To quote, Marx considered that

 the history of all hitherto existing societies is the history of class struggles...freeman and slave, patrician and plebeian, lord and serf, guild master and journeyman, in a word the oppressor and the oppressed.

 Each time the fight ended either in a re-constitution of society or in the common ruin of the warring classes. During the late nineteenth century, largely as a result of industrialization and global free trade, the opposing sections of society were the bourgeoisie (the oppressor) and the proletariat (the oppressed), and he maintained that the time was ripe for a new struggle that would lead to a new social order: communism. The proletariat would be victorious, religion would be exterminated and all would live in peace and harmony, a brotherhood of man.

 The Manifesto’s attack on the bourgeoisie reads like that of many a modern columnist on the global capitalist system of today, which again is based largely on free international trade, with little regard for the social costs of production moving according to market forces, be these of labour or goods or raw materials, and in which everything in life is reduced to a commodity or assigned a monetary value. Even debt itself has been made a commodity in the form of collateralised debt obligations and futures.

Christianity is attacked by Marx because it has allegedly colluded with the ruling classes in subjugating and exploiting the lower classes for monetary gain, while at the same time he implicitly recognises the reality of the sacred and holy – e.g. in talking about money and the way everything in life has been given a price he says 

...all that is solid melts away, all that is holy is profaned

Yet the means he proposes for providing what he must have been regarded as a more humanistically just way of organizing our affairs makes no appeal to the holy. Everything happens in a material world with no spiritual dimension and God either does not exist or is irrelevant, being replaced by man. Morality itself becomes meaningless other than as a set of man-made rules. It is impossible to declare anything morally wrong by any absolute standard if there is no holy source of morality.  Yet he obviously believed in the notion  of holiness without wondering where it came from or how it was to be sustained when its source was ignored. 'Without God anything is permissible' (Dostoevsky). Those who killed 100+ million  people for the sake of  Mao Zedong, Marx and Lenin were breaking laws  laid down on humanistic principles for the benefit and flourishing of human beings. It was all done for the good of humanity. Similarly with cruel and lethal medical experiments on pregnant mothers and disabled inmates of Nazi concentration camps, or even medical experiments in the UK, for example, in the wake of World War II. It was all done in the name of human flourishing.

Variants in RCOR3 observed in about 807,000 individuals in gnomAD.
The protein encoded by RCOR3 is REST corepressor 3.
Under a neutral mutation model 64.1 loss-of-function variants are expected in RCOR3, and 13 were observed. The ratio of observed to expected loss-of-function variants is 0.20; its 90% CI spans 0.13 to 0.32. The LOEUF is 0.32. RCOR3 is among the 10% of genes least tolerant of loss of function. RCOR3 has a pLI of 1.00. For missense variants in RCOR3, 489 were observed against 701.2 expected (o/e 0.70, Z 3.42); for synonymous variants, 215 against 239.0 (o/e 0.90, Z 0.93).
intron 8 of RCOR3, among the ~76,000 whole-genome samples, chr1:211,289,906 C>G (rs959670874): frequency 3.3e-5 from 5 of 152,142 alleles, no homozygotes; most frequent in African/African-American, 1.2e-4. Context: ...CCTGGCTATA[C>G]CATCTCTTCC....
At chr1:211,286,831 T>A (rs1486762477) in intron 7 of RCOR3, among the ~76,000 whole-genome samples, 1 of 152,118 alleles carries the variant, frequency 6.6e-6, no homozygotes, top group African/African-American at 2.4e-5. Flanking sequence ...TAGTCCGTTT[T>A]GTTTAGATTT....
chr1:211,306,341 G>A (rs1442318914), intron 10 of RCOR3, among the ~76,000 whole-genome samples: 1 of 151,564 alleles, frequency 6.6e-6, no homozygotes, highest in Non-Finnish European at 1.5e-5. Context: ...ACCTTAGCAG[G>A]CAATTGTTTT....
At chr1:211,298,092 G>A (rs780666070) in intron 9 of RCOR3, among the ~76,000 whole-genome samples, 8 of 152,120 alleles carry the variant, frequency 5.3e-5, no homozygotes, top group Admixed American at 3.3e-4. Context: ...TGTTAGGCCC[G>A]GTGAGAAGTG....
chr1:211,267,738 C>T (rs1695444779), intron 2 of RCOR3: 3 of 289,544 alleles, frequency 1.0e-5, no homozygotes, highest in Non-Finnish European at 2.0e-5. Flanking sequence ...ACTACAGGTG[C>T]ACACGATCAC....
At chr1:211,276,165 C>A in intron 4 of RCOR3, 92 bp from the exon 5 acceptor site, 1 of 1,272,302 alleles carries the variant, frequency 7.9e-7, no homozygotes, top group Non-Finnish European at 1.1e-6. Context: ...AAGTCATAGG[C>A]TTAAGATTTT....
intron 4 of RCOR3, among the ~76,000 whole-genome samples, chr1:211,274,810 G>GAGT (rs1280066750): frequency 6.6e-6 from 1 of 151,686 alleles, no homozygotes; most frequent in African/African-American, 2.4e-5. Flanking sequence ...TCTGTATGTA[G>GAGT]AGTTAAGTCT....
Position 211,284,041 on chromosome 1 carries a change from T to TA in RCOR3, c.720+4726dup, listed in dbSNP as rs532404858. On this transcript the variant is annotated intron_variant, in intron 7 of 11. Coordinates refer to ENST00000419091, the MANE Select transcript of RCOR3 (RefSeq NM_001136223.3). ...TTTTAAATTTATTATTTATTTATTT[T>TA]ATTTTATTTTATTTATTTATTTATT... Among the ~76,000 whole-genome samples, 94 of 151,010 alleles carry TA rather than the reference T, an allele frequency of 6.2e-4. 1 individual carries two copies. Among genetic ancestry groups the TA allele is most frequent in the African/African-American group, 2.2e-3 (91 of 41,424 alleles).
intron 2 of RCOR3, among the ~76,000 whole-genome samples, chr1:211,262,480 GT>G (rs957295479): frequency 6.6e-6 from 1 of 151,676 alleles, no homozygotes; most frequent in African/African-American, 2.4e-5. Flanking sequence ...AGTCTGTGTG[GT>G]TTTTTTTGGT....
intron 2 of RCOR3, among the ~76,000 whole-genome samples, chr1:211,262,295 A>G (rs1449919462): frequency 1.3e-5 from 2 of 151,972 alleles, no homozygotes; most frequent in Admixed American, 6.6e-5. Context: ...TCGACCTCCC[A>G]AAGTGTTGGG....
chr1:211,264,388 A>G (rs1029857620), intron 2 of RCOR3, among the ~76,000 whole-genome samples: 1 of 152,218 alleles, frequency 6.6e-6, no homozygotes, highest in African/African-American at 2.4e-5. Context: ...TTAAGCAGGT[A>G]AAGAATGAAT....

In attempting to sweep away all the church institutions, which undoubtedly did sometimes depart radically from the teachings of Jesus Christ, Marx ignores the provenance of Christian values, i.e. what happened during the life of Jesus and within a decade or so of His Crucifixion: the parables and commands of Jesus Christ recorded by His contemporaries, the empty tomb, the widely reported Resurrection appearances, the vision of Saul, the first conversions of gentiles, the Pentecost, the miracles of the apostles and the persecution by the authorities. The Romanized institutionalized  church and its ramifications, which Marx despised,  did not begin until almost three centuries later. Even then, with all its faults, you only have to take a look at the non-Christian world of the time to see the difference.